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Meta, PornHub, OnlyFans adopt new tool to curb sharing of sexually explicit images of children

The National Center for Missing & Exploited Children launched a new tool called ‘Take It Down’ to remove sexually explicit images of children from the internet.

The National Center for Missing & Exploited Children (NCMEC), on February 27, announced the launch of a new tool to remove sexually explicit images of children from the internet. The tool, called Take It Down, allows “users from around the world to submit a report that can help remove online nude, partially nude, or sexually explicit photos and videos depicting a child under 18 years old.”

Why does this matter: Non-consensual sharing of sexual images of minors is a major problem that all social media platforms unanimously agree on eliminating, but are not doing enough about. This latest tool makes it easier for platforms to remove illegal images and videos as it gives affected users the ability to anonymously and conveniently self-report such images and videos.

“Having explicit content online can be scary and very traumatizing, especially for young people. The adage of ‘you can’t take back what is already out there’ is something we want to change. The past does not define the future and help is available.”  — Gavin Portnoy, vice president of Communications & Brand at NCMEC

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Which platforms have adopted the new tool: 

  • Meta (Facebook & Instagram) 
  • Pornhub
  • Mindgeek
  • OnlyFans
  • Yubo

“All five of the participating platforms have been previously criticized for failing to protect minors from sexual exploitation. A BBC News report from 2021 found children could easily bypass OnlyFans’ age verification systems, while Pornhub was sued by 34 victims of sexual exploitation the same year, alleging that the site knowingly profited from videos depicting rape, child sexual exploitation, trafficking, and other nonconsensual sexual content. Yubo — described as “Tinder for teens” — has been used by predators to contact and rape underage users, and the NCMEC estimated last year that Meta’s plan to apply end-to-end encryption to its platforms could effectively conceal 70 percent of the child sexual abuse material currently detected and reported on its platform,” The Verge reported.

Who can file reports with Take it Down: “If you were under age 18 when images or videos of you nude, partially nude, or in a sexually explicit situation were taken and you believe they have been or will be shared online, you can use this service,” the platform’s FAQ page explains. Parents or trusted adults can also file reports on behalf of a young person. Users from anywhere around the world can use the tool.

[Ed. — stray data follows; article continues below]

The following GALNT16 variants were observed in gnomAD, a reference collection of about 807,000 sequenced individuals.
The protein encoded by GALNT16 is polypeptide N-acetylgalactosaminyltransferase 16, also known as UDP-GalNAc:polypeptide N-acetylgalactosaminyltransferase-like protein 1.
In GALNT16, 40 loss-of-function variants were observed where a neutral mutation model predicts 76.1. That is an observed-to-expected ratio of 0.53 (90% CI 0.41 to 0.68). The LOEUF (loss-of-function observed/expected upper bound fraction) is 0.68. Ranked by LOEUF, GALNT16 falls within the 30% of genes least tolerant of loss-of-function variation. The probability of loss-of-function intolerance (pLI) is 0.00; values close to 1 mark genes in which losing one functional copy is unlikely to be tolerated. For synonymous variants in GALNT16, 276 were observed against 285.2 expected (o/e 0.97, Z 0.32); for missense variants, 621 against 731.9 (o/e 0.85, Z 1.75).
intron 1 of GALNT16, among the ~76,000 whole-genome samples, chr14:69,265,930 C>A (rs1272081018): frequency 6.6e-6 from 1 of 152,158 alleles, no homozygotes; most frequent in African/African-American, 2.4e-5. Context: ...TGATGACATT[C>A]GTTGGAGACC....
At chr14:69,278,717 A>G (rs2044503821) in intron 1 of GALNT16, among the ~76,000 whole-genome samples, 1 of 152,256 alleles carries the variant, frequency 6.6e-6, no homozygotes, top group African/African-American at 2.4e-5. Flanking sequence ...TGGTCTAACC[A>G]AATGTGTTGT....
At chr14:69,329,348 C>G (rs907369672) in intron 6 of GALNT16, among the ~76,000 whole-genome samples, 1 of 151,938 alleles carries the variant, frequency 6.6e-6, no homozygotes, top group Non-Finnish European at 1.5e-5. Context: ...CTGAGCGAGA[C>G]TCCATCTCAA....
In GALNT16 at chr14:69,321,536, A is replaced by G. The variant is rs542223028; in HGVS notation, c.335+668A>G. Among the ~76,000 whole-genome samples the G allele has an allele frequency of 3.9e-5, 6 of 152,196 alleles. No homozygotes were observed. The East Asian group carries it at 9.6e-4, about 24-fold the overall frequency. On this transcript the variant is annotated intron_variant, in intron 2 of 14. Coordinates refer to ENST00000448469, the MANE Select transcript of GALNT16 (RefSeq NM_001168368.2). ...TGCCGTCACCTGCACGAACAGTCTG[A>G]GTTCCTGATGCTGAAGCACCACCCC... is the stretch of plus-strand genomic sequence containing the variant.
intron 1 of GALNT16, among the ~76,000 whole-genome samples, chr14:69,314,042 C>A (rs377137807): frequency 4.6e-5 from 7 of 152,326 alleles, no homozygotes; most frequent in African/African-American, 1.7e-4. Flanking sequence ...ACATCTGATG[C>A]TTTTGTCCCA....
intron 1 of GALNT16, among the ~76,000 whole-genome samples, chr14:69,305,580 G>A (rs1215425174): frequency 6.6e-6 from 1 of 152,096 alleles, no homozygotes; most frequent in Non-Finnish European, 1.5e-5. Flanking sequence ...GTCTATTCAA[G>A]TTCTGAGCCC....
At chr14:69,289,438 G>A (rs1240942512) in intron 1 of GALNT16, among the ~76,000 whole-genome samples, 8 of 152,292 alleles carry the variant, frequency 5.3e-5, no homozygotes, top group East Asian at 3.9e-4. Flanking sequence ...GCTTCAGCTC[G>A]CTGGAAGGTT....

How does the tool work: 

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  1. Filing a report: Users who fit the above criteria can anonymously file a report on the Take it Down platform. The image or video in question does not have to be shared but has to be on the device that is being used for reporting.
  2. Creating hash value for the image: Take It Down will create a unique digital fingerprint, called a hash value, for the specific images or videos that have been reported.
  3. Hash values used by platforms to take down content: “When tech platforms sign up to participate, they are provided these hash values so they can detect and remove the imagery on their public or unencrypted sites and apps. This all happens without the image or video ever leaving a device or anyone viewing it,” NCMEC explained.

Isn’t it similar to StopNCII: StopNCII.org, a platform operated by the UK’s Revenge Porn Helpline, also works in a similar manner to curb the sharing of non-consensual intimate images (NCII) on the internet. But, StopNCII is meant for non-consensual imagery of people over the age of 18, not children.

Creating public awareness of the tool: NCMEC has created the following public service announcement that will appear on platforms that children frequent:

Initial funding provided by Meta: Meta provided initial funding to build the infrastructure for Take It Down, NCMEC revealed. Meta has shared more details about its involvement and the tool in a blog post.

This post is released under a CC-BY-SA 4.0 license. Please feel free to republish on your site, with attribution and a link. Adaptation and rewriting, though allowed, should be true to the original.

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